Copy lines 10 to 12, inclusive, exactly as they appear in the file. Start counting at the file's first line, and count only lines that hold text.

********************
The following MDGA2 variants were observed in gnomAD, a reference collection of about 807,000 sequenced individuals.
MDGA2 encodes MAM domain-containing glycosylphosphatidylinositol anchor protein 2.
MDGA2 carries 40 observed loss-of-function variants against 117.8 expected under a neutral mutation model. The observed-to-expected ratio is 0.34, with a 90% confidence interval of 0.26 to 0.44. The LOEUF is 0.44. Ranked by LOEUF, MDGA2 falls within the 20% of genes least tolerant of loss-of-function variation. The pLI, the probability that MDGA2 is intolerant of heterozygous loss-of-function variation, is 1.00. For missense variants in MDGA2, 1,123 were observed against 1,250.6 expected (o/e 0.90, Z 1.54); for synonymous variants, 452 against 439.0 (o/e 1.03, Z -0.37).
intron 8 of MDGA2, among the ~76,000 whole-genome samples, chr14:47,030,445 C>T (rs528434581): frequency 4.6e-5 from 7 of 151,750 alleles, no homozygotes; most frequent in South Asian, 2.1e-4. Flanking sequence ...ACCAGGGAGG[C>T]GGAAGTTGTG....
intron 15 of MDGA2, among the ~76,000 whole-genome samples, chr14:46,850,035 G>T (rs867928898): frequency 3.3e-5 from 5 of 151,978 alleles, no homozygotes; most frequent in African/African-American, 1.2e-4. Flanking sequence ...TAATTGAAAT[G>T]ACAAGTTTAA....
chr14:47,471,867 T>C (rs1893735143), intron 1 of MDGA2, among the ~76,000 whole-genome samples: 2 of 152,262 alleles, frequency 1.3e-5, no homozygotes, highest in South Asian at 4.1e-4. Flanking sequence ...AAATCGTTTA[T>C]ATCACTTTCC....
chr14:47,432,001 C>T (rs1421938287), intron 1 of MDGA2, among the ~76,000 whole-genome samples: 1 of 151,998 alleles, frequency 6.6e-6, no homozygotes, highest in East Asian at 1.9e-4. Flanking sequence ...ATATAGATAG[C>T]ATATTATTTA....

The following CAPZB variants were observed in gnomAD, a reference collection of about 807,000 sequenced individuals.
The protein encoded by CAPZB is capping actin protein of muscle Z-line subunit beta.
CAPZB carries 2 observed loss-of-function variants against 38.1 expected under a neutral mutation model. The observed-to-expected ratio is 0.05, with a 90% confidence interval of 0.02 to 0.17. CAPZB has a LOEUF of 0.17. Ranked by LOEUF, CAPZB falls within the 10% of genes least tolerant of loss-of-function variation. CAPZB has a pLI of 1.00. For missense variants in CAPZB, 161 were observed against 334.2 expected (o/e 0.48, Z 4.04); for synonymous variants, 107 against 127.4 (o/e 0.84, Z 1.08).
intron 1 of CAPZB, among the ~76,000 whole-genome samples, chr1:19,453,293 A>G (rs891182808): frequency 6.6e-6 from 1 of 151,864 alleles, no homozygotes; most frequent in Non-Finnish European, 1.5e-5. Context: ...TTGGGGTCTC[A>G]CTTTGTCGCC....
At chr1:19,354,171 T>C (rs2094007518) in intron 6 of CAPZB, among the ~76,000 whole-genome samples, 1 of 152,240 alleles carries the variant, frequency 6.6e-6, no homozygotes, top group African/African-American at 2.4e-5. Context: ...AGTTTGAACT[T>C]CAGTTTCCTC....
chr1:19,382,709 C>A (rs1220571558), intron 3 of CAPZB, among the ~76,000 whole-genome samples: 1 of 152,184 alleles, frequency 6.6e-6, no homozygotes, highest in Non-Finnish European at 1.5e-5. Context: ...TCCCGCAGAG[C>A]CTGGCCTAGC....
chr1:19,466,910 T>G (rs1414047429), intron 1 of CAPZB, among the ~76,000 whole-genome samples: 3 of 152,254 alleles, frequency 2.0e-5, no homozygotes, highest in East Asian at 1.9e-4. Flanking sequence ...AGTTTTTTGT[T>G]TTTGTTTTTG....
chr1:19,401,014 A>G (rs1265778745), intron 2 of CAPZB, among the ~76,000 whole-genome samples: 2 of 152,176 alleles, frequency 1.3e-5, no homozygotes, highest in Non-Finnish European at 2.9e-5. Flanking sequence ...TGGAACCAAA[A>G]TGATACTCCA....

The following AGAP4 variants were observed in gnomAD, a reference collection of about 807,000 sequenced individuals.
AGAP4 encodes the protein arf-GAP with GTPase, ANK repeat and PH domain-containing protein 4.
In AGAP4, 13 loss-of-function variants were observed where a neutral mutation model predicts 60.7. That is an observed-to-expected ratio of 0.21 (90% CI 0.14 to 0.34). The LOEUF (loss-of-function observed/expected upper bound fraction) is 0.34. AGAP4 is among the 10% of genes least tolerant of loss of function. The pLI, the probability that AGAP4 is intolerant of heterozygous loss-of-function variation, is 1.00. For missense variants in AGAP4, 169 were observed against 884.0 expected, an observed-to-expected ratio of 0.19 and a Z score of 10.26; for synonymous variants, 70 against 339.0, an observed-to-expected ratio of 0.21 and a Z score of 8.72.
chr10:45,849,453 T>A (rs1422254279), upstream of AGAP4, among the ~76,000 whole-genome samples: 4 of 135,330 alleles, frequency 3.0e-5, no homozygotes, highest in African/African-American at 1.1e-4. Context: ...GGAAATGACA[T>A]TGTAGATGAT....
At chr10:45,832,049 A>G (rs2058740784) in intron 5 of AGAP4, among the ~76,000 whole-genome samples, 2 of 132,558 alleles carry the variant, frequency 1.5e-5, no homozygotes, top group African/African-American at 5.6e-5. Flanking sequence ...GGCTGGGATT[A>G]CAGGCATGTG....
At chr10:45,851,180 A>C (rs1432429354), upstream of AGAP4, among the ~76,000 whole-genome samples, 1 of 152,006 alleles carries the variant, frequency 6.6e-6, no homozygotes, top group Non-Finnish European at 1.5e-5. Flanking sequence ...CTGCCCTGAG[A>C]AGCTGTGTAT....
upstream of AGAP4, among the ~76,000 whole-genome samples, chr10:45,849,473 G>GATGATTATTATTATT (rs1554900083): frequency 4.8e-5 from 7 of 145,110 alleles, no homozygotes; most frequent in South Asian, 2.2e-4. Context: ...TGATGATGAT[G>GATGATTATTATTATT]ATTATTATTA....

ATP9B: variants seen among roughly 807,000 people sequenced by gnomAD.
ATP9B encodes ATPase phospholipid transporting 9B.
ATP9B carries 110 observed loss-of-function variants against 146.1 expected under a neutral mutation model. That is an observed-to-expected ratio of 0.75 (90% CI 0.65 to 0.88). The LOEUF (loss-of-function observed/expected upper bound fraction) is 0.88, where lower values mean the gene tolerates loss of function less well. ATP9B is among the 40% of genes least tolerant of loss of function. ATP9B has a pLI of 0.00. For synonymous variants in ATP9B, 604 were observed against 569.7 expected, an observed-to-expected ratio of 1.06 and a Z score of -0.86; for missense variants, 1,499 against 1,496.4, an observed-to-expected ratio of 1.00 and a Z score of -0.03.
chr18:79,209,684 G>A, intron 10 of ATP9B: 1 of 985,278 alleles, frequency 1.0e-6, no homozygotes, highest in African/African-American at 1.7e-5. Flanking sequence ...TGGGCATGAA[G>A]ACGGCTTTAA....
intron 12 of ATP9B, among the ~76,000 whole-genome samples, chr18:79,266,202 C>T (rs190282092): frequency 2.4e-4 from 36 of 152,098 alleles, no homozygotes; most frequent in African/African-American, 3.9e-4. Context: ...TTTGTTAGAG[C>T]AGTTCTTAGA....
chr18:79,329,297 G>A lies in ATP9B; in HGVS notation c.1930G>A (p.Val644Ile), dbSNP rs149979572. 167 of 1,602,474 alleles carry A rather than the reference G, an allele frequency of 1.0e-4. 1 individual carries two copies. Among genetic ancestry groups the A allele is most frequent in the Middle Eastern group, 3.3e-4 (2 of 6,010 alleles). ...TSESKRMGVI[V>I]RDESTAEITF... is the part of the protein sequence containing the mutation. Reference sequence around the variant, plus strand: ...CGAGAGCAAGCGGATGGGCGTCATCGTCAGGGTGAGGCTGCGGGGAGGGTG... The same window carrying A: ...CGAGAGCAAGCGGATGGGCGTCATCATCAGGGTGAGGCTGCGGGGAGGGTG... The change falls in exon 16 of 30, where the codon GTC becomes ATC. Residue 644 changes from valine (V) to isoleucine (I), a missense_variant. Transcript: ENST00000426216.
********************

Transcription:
CAPZB carries 2 observed loss-of-function variants against 38.1 expected under a neutral mutation model. The observed-to-expected ratio is 0.05, with a 90% confidence interval of 0.02 to 0.17. CAPZB has a LOEUF of 0.17. Ranked by LOEUF, CAPZB falls within the 10% of genes least tolerant of loss-of-function variation. CAPZB has a pLI of 1.00. For missense variants in CAPZB, 161 were observed against 334.2 expected (o/e 0.48, Z 4.04); for synonymous variants, 107 against 127.4 (o/e 0.84, Z 1.08).
intron 1 of CAPZB, among the ~76,000 whole-genome samples, chr1:19,453,293 A>G (rs891182808): frequency 6.6e-6 from 1 of 151,864 alleles, no homozygotes; most frequent in Non-Finnish European, 1.5e-5. Context: ...TTGGGGTCTC[A>G]CTTTGTCGCC....
At chr1:19,354,171 T>C (rs2094007518) in intron 6 of CAPZB, among the ~76,000 whole-genome samples, 1 of 152,240 alleles carries the variant, frequency 6.6e-6, no homozygotes, top group African/African-American at 2.4e-5. Context: ...AGTTTGAACT[T>C]CAGTTTCCTC....